Teach a lesson on being a good friend; you can include a story, examples of students practicing the qualities of friendship, a list of good qualities, etc.

Review the material.  Here are some ideas:

  • play a game
  • have students role-play ways to be a good friend
  • complete a worksheet
  • make a booklet
  • have students quiz each other on how to be a good friend.

Practice being a good friend throughout the day.  Point out each time you see students practicing friendly behaviors.  Try to catch students modeling the behaviors you are teaching.

Related Posts:

5 effective ways to teach kids in the digital age

the growth mindset and success

7 steps to creative thinking in kids

Wyatt’s Leadership Series for Kids

While supplies last… a $120 value for $95

Get all 7 Wyatt story books:

Wyatt Goes to Kindergarten

Wyatt Learns about Being Organized

Wyatt Learns about Winning

Wyatt Learns about Cooperation

Wyatt Learns about Friendship 

Wyatt Learns about Good Manners

Wyatt Learns about Giving 

And

7 Lesson Plans based on Stephen Covey’s 7 habits of Highly Effective People

And

A set of problem situation cards to develop critical thinking skills in difficult situations

Your investment: $95




Teaching kids to get better at getting along

You’ve got two kids who disagree and fight constantly…

Yet they seem attracted to each other like magnets…

You’ve talked to them

You’ve threatened them

You’ve separated them… repeatedly.

What’s the answer?

We’ve all been in this situation before as educators and parents; two kids who just can’t get along but who somehow manage to always wind up together and arguing no matter what you do.  I recently responded to a question much like this on the ASCA forum from a school counselor who was at her wits end with a similar situation.  Here was my answer:

Helping Kids Learn to Get Along

I’m going to suggest something that is probably counter intuitive and outside the box. However, I have found that when you try to enforce a separation strategy,  that it takes a great deal of energy since the students challenge the boundaries at every possible chance. It is much like trying to fight the resistance of two magnets.  There is a better strategy.  Yes, it involves a good bit of time but it is all designed to not only prevent future disagreements, but teach the kids involved how to handle any disagreement in the future. Clearly they need that kind of training.  Plus… you are spending a ton of time trying to keep them apart and putting out fires anyway. Why not invest the time in teaching new skills?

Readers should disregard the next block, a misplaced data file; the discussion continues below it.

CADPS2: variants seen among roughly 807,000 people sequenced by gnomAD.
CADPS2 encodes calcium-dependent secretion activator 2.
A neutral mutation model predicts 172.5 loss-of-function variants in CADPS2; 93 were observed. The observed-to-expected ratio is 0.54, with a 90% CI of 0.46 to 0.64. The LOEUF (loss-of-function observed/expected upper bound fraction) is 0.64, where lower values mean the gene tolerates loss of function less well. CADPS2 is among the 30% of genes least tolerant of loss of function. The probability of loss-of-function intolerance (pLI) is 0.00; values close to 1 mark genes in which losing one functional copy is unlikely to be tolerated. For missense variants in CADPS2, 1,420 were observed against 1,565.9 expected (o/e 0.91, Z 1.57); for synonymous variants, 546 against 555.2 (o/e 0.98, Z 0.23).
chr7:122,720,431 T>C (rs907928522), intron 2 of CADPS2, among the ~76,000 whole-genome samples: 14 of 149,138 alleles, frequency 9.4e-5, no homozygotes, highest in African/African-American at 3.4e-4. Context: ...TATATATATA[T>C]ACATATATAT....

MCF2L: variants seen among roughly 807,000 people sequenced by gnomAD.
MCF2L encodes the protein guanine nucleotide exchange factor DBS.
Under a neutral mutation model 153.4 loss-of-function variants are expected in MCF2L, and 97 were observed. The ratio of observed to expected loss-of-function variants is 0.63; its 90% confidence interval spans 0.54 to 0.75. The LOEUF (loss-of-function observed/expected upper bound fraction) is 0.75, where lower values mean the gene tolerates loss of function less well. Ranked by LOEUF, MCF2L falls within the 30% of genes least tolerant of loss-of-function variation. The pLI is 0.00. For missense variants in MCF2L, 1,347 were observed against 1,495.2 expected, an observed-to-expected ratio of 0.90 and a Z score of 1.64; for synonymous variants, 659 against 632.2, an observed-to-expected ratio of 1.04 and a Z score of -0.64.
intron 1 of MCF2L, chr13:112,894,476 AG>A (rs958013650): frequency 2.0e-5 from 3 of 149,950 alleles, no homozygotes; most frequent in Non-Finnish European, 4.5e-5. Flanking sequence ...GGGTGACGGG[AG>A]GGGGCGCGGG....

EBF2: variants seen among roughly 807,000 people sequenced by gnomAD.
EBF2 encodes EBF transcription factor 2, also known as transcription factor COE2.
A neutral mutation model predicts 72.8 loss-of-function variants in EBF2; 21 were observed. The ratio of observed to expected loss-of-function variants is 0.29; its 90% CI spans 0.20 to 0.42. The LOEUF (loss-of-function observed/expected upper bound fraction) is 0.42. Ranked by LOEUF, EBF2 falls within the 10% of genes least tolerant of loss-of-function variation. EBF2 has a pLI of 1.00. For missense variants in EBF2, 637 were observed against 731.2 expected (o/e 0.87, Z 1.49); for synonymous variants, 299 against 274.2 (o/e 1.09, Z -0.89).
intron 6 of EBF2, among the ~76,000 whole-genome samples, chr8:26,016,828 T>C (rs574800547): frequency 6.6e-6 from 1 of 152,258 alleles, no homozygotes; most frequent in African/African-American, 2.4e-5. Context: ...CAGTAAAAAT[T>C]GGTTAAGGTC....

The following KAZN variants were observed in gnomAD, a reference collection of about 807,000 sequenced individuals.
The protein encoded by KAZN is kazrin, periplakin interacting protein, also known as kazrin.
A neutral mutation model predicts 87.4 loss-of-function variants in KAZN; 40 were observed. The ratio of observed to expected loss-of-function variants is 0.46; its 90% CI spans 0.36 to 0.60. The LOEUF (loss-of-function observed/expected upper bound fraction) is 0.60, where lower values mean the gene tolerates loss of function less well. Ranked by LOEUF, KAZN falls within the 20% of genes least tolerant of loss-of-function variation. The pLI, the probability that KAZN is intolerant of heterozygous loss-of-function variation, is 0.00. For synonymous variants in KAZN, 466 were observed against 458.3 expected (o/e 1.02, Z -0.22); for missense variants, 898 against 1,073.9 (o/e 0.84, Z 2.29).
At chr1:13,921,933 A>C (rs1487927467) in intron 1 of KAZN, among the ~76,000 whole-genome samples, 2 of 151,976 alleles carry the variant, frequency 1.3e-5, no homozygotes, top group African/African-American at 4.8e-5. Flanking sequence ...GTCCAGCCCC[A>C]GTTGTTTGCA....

Here’s the plan:

Re-frame the problem as two friends who want to enjoy each other but don’t know how to resolve conflicts.  I would perhaps use the analogy of two carpenters who are trying to build something but who show up for the job with the wrong tools.  They need a hammer and nails and instead they brought a chain saw and a screwdriver so what they try to build results in a lot of frustration.  You are going to teach them the right tools for building a friendship.

Begin with a commitment from each of them to do the work necessary to improve their friendship.  Then back track with them to their latest incident.  What started the conflict?  Who said and did what?  Write it down as though it was a role-play… you could even have them act it out while you write it down, stopping them after each statement. (Pausing should keep emotions low).

Create a list of conflict rules:  No name calling.  No blaming. No yelling.  Think before you speak.  Treat others as you would like to be treated… etc.

Develop a new dialogue: Now working with the students at each point in the latest conflict, have them suggest what they could have said that would have followed the rules and built rather than damaged the relationship.  Have them act it out and describe how they feel at the end.

Anticipate the future: Have the students brainstorm situations that could create problems again.  Review things they can say and do to prevent problems.  Have them practice and role-play the situations so they are prepared.

Follow up:  Check back on a regular basis to mediate any problems, reinforce what they have learned and encourage them to continue good practices.  Review the rules and repeat the  role-playing of situations as necessary until they learn better habits and strategies. Congratulate them on taking the time to learn to be great friends.  Once they are successful ask them to help others who are having friendship conflicts and teach them what they have learned.

Related Posts:

five ways to turn sibling rivalry around